In All Things, Trust
The trust that you and I place is found in the living God – the One who giveth us richly all things to enjoy.
Alright, thank you very much. And hello again, radio friends. How in the world are you? Are you doing alright? Yeah, of course, I wait for you to answer, you know that. [chuckle] My father used to say to me, “Son, when you ask people a question, give them a chance to answer.” [chuckle] The obverse side of that advice, was another charge that he frequently gave me. He said, “When somebody asks you a question, think before you answer!” [chuckle] Oh, how he would get on me about these things. [chuckle] For a man who never went to high school, he was highly educated, self-educated, and quite a psychologist. He knew how to draw the best out of his children, by way of work and effort, that’s for sure.
We’re looking at 1st Timothy chapter six, verse 17. Paul the Apostle has been talking about rich people before, “They that will be rich fall into temptation, and snare, and many foolish and hurtful desires, which drown men. And the love of money is the root of all evil.” Then after that beautiful apostolic benediction, which ends in verse 16, “To Him be honor and power everlasting, Amen,” he goes back to the same subject again, “Charge them that were in charge,” is a very strong vigorous word and it means exactly what it says.
“Proclaim to them and nail it down,” we might say, if we were gonna paraphrase the idea. “Nail this down in the thinking of people.” “Charge them that are rich in this world, that they be not high minded, nor trust in uncertain riches, but in the living God, Who giveth us richly all things to enjoy. Tell them to do good and be rich in good works, ready to distribute, willing to communicate, laying up for themselves a good foundation against the time to come.” And a lot of different things there, we’ll get to them one by one, as we go into these verses. Our procedure, as you know, is to take a book of the Bible verse by verse, and break it open, and try to put a handle on it, which I shall now proceed to try to do. Very few of us, among my listeners, are rich. Some are, I’m sure, but the point is, this kind of advice that Paul is giving, applies not only to millionaires, but to people who wish they were.
The love of money, not money itself. “The love of money is the root of all evil,” Paul says in verse 10 of this same chapter. Now, he says, “If you got any money, here’s something that you better think about,” the not high minded. Just as we went off the air, the last time we got together, I was reminding you of a friend of mine, who said to me some years ago with a smile, he said, “You know, Bob, when you get as rich as I am, you sit in for the Deity and tell people what to do.” I was after him to be a member of our board and he said, “I don’t think I’d be a good board member.” And I said, “Well, why?” He said, “Well, when you get as rich as I am, you just wanna tell people what to do.” [chuckle] He was honest.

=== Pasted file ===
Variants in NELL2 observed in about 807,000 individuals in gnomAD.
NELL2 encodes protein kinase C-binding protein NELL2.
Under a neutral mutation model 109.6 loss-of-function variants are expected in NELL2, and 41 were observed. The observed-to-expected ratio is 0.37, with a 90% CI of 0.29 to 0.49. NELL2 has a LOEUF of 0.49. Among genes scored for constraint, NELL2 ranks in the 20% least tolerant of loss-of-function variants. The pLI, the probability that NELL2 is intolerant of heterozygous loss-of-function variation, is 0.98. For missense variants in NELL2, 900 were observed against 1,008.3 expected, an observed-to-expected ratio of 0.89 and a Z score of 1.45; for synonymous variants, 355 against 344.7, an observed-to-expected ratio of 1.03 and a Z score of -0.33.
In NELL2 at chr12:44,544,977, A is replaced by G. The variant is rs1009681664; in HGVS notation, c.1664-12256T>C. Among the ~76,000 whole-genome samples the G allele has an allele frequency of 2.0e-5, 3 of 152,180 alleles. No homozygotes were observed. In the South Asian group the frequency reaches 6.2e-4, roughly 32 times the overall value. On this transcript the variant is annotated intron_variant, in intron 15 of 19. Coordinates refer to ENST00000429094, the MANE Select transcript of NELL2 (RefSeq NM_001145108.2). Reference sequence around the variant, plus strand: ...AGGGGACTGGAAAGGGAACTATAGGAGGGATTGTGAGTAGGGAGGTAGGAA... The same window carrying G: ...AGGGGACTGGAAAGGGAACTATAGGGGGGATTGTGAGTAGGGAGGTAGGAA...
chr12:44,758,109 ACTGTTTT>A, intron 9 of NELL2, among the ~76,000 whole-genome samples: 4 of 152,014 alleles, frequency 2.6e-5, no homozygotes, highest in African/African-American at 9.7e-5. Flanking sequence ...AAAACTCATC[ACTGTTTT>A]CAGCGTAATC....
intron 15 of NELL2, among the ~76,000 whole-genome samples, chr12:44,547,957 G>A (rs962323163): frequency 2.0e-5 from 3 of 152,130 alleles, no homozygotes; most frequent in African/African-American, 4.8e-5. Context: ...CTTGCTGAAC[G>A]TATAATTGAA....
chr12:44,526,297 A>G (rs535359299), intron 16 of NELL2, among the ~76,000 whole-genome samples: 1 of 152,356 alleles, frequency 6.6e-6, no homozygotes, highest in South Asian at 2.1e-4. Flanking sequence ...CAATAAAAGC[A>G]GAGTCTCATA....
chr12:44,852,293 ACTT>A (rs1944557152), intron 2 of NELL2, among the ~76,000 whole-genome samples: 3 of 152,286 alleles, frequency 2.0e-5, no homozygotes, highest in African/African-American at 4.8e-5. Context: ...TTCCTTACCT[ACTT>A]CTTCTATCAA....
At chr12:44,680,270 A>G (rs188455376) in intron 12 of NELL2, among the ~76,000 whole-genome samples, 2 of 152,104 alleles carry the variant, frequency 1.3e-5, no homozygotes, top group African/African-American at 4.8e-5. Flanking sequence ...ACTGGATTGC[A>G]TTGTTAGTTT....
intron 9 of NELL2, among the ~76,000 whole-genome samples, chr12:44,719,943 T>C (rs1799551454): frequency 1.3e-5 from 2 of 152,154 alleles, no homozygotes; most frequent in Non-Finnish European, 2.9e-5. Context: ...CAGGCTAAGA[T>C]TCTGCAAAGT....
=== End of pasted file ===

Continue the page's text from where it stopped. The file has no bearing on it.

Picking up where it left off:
High minded, that means you consider yourself a notch or several notches above the ordinary people around you, what the Greeks used to call the ‘hoi polloi,’ the others, not high minded. You see, the ground is level at the Cross and every man I know puts on his trousers one leg at a time. You don’t have anything, really, to distinguish you from other of the sons and daughters of Adam, because all have sinned, and come short of the glory of God, and every one of us needs to be born again. Jesus said, “Except a man be born again, he cannot see the Kingdom of God.” “Born not of the flesh, nor blood, nor the will of the flesh, but of God,” says John.
That’s the great leveler, isn’t it? Not high minded. Every person who trusts in his or her possessions, soon or late, arrives at a moment of truth, where the vulnerable human being is revealed for what he or she is. I suppose there’s nothing more pitiful than a person who has had great advantage, being cast in the light of a vulnerable, fallible human being. Well, we all come to the point, sooner or late, I guess. But it’s particularly applicable to those who feel that they’re just a little better, a little more well placed in life than others, because of having a little more to do with. He says, “Don’t be high minded.” Oh, small thought here. The effect that money or the love of it has on an individual starts in the mind. It doesn’t start with your checkbook. It starts in your mind, how you feel about things and about people. He says, “Keep thy heart with all diligence, for out of it are the issues of life.” What you think about, how you feel determines your relationship with people and with God.
So guard that, will you? Above all things. Not high-minded, don’t consider that you’re better than someone else.